https://www.healthcentral.com/condition/lung-cancer-types
Lung CancerLung Cancer Types

Let's Talk About Lung Cancer Types

That’s right, there isn’t just one—but more than a dozen—different types and subtypes of lung cancer you can get. We asked the experts to walk us through the multiple variations of this challenging disease.

    Our Pro PanelLung Cancer Types

    We went to some of the nation’s top experts in lung cancer to bring you the most up-to-date information possible.

    Jacob Sands, M.D.

    Jacob Sands, M.D.Thoracic Medical Oncologist and Instructor in Medicine

    Dana-Farber Cancer Institute and Harvard Medical School
    Boston, MA
    Elisabeth Dexter, M.D.

    Elisabeth Dexter, M.D.Thoracic Surgeon and Quality Assurance Officer for the Department of Thoracic Surgery

    Roswell Park Comprehensive Cancer Center
    Buffalo, NY
    Josephine (Joy) Feliciano, M.D. headshot.

    Josephine (Joy) Feliciano, M.D.Medical Oncologist, Assistant Professor of Oncology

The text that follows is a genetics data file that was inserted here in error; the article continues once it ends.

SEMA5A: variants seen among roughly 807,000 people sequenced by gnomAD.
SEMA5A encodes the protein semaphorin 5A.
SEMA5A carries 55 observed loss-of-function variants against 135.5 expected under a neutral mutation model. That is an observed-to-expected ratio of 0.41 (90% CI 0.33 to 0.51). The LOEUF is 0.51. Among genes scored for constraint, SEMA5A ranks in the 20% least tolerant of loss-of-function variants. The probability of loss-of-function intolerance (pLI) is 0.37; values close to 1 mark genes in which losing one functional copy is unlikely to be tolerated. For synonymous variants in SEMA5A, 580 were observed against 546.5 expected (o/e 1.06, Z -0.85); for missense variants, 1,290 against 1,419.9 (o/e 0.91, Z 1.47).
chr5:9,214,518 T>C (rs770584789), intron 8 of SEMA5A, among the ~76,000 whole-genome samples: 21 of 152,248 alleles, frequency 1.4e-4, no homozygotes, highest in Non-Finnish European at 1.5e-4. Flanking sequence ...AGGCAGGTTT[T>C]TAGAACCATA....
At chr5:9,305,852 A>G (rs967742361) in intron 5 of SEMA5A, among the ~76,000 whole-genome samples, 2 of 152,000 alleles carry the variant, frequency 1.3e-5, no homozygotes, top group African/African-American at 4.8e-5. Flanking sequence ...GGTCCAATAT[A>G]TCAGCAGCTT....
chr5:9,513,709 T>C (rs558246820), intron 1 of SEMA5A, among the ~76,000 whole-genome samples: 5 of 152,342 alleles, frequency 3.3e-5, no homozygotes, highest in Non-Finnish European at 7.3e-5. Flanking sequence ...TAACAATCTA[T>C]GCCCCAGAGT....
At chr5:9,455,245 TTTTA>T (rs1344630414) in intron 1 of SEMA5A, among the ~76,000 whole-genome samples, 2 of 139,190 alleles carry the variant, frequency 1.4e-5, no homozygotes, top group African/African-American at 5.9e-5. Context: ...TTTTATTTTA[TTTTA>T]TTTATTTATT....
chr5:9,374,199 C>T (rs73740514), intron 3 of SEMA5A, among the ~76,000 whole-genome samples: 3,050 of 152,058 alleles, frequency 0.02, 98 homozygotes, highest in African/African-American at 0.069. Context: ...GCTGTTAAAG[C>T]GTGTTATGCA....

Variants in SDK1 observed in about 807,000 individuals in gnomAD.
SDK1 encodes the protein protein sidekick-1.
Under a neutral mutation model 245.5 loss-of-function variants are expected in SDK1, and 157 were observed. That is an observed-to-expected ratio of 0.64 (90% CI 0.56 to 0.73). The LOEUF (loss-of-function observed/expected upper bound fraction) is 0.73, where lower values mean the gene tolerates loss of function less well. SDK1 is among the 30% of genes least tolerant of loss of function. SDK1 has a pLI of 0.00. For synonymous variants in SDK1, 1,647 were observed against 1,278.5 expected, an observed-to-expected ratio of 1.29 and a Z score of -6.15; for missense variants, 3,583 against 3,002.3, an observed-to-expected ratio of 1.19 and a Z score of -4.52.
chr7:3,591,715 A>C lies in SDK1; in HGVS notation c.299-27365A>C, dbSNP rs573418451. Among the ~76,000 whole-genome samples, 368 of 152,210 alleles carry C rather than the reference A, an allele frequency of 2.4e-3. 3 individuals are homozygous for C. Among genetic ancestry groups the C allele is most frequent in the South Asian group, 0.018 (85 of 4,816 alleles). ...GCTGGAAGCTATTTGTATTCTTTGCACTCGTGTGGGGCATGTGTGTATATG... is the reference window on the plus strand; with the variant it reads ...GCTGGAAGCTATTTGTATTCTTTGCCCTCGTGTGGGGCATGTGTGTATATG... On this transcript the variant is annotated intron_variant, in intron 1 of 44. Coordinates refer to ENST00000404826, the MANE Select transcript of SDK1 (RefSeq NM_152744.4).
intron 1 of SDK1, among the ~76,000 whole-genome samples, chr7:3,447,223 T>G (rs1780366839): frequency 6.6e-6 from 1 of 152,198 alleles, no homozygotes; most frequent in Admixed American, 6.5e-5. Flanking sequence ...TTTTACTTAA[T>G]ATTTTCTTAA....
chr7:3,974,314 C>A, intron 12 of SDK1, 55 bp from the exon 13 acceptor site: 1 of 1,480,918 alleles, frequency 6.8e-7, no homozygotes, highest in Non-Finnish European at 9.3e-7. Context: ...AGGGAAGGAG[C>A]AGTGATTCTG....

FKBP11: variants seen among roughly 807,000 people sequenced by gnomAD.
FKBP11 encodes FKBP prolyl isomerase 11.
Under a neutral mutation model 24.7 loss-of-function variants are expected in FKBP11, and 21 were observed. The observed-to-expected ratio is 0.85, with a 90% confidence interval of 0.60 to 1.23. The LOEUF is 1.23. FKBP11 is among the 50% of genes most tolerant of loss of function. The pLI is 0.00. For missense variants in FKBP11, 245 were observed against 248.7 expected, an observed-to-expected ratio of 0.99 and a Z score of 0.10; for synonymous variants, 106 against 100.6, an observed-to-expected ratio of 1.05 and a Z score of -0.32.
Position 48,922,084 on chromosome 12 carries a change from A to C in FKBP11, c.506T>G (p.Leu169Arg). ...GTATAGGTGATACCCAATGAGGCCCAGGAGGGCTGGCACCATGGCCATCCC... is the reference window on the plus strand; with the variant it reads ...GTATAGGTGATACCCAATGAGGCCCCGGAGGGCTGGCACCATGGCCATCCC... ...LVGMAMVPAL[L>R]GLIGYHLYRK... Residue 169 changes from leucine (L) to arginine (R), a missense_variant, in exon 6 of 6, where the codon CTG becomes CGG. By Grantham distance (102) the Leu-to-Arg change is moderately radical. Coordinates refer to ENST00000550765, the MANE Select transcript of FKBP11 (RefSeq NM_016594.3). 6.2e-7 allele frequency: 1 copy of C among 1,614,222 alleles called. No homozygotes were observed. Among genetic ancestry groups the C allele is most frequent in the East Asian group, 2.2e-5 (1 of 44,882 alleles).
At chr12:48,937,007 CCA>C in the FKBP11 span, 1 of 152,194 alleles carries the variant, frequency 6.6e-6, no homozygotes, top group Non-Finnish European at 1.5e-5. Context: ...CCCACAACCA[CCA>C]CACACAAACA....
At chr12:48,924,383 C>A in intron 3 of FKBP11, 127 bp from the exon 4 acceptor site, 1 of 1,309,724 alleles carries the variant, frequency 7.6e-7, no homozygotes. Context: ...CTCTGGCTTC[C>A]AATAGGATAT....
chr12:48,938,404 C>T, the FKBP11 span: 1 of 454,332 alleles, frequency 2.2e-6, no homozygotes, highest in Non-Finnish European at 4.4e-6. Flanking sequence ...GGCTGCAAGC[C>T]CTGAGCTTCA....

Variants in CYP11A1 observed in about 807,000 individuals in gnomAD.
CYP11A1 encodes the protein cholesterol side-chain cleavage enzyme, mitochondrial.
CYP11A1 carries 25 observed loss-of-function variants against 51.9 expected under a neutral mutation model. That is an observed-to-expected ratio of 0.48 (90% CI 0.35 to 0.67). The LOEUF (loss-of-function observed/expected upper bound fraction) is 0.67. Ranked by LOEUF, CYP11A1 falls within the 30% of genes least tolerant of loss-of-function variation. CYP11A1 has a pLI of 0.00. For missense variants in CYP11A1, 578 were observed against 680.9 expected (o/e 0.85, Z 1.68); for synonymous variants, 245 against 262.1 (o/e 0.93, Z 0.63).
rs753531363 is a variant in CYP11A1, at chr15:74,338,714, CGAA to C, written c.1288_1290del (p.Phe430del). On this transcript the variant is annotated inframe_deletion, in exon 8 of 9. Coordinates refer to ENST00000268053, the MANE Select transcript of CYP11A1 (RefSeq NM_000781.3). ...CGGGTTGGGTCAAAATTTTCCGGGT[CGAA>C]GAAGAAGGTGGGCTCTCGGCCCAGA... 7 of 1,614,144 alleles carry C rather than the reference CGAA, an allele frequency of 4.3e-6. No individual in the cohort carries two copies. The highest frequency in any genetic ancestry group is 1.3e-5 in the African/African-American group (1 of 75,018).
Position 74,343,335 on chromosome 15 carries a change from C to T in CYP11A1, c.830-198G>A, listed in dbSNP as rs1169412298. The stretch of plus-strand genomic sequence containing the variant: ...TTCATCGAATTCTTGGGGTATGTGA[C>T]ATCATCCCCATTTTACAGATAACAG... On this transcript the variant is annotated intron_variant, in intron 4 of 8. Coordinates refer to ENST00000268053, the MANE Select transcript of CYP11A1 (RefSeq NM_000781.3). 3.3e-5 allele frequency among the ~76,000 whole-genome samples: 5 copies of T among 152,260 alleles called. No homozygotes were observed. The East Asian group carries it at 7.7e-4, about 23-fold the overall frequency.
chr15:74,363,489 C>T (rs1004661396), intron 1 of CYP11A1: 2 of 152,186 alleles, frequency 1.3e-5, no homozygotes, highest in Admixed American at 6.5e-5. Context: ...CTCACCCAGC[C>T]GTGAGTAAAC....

The Johns Hopkins University School of Medicine
    Baltimore, MD

    Frequently Asked QuestionsLung Cancer Types

    Can gene mutations happen in both smokers and never-smokers?

    Yes. However, with smokers, gene changes related to lung cancer are often not inherited. Instead, they develop because of exposure to things like cancer-causing chemicals in tobacco. And sometimes gene mutations may simply occur randomly without an identifiable cause.

    Is large cell carcinoma the same thing as undifferentiated lung cancer?

    No, although the terms are sometimes incorrectly used interchangeably. Neither large cell carcinoma nor undifferentiated lung cancer contain characteristics that would easily identify them as, say, squamous cell carcinoma, adenocarcinoma, or any other type of NSCLC.

    Is a cancer that has spread to the lungs considered lung cancer?

    No. Cancer is diagnosed by its place of origin, so in this case, lungs are a secondary malignancy of the original cancer.

    I was told that NSCLC can turn into SCLC. Can that be true?

    Yes. Sometimes non-small cell lung cancers that are EGFR-positive can evolve into small cell lung cancer.

    Holly Pevzner

    Holly Pevzner

    @HollyPez

    Holly Pevzner is a health writer whose work has appeared in many publications, including EatingWell and Prevention.